High blood pressure may seem unrelated to sex, but low libido and erectile dysfunction are two ways high blood pressure can affect a male sexually.
The human body’s systems are all interconnected — what affects one often influences another. Like many bodily measurements, blood pressure fluctuates throughout the day. When it is consistently above a certain level, however, it qualifies for a formal diagnosis of high blood pressure, or hypertension.
This article looks at how and why high blood pressure can affect a male sexually.
A note about sex and gender
Sex and gender exist on spectrums. This article will use the terms “male,” “female,” or both to refer to sex assigned at birth. Click here to learn more.
Persistent high blood pressure
Overstrained blood vessels can leak or rupture. As their inner linings become weak and tear, fatty deposits known as plaques can form, narrowing the vessels and reducing flexibility. Doctors call this process atherosclerosis.
Without proper blood flow, libido and sexual ability may decrease.
One way high blood pressure can affect a male sexually is through erectile dysfunction (ED).
ED is an inability to regularly get an erection or maintain an erection long enough to have sex.
Blood flow to the penis is an essential part of sustainable erections. Proper blood flow ensures the penile arteries can relax, allowing perimeter vessels to expand and fill up with blood.
If vascular damage restricts blood flow, the penis may not get enough blood to create an erection — or to sustain one if it occurs.
Males living with hypertension are almost twice as likely to experience ED and impaired blood flow to the penis compared with males without high blood pressure.
The type of hypertension may also matter.
According to a 2019 study in
Diastolic vs. systolic
Diastolic blood pressure is the measurement of force inside the arteries between heartbeats. Systolic blood pressure is the measurement of force during a heartbeat, when the organ pumps blood out.
- Systolic: less than 120 millimeters of mercury (mm Hg)
- Diastolic: less than 80 mm Hg
Libido is another term for sexual drive and desire. When libido is low, overall interest in sex declines.
For males, libido
It is unclear if high blood pressure contributes to testosterone decrease or if both conditions co-occur independently of one another.
Hypertension and low testosterone can share risk factors such as increased body weight, poor diet, and lack of physical activity, explaining why they may regularly occur together.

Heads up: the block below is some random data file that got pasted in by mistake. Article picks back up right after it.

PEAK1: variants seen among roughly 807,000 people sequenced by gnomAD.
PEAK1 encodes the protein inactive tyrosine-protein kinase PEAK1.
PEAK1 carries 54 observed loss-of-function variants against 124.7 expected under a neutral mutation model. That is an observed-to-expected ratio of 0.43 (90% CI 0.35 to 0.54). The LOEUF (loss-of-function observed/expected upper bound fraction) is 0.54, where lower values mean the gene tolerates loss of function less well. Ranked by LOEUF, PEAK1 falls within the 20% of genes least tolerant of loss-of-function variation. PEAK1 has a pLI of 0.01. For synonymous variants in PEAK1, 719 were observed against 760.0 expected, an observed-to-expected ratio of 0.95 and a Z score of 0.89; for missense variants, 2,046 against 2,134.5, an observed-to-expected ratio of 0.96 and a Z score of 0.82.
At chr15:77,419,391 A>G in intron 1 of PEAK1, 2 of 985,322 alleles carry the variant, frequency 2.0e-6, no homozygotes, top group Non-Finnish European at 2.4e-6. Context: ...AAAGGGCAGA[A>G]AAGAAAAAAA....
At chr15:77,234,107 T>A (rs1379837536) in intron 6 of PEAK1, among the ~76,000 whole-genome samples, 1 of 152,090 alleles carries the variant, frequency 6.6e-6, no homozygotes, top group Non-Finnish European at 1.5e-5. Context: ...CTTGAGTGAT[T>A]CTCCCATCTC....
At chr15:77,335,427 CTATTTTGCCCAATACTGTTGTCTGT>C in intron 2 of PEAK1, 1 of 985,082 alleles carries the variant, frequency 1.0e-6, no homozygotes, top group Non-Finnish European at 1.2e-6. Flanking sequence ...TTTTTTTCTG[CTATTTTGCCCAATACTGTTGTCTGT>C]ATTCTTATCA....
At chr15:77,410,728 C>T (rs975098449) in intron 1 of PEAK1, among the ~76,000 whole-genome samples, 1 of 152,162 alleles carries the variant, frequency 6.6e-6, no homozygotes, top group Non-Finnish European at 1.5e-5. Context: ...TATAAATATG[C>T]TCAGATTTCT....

Poor blood flow can, again, be an important underlying factor, though.
Hypertension is a systemic condition, meaning it can affect the entire body. If a person does not get treatment, it
Many of these conditions can also contribute to sexual dysfunction.
Kidney damage can cause its own challenges with blood flow and may also occur alongside nerve damage, fatigue, and psychological distress.
Many people with ED become self-conscious. The International Society for Sexual Medicine indicates negative feelings can distract from sexual stimuli and prevent complete arousal.
For some people, mental health challenges may also result in premature ejaculation or difficulty reaching orgasm.
Below are some common questions about how high blood pressure affects males sexually.
Can lowering blood pressure improve erectile dysfunction?
Lowering high blood pressure can improve ED but is not a guaranteed fix for sexual dysfunction. ED is more common among males with hypertension, and some medications for high blood pressure may worsen sexual side effects.
Does high blood pressure make you erect?
High blood pressure is not what creates an erection. Increased blood flow to the penis helps create rigidity through a physiological process of sexual arousal.
What are the symptoms of high blood pressure in a male?
ED can be an early warning sign of high blood pressure in males. Other symptoms
- vision changes
- difficulty breathing
- chest pain
Will having sex make high blood pressure higher?
Like other forms of
High blood pressure can affect a male sexually in a number of ways. Vascular damage can directly limit blood flow, which can prevent proper erectile function and inhibit libido.
Other chronic health conditions with links to hypertension, such as kidney disease, heart disease, and psychological distress, can also cause sexual side effects.
While treating hypertension may improve sexual dysfunction, some high blood pressure medications can worsen sexual symptoms.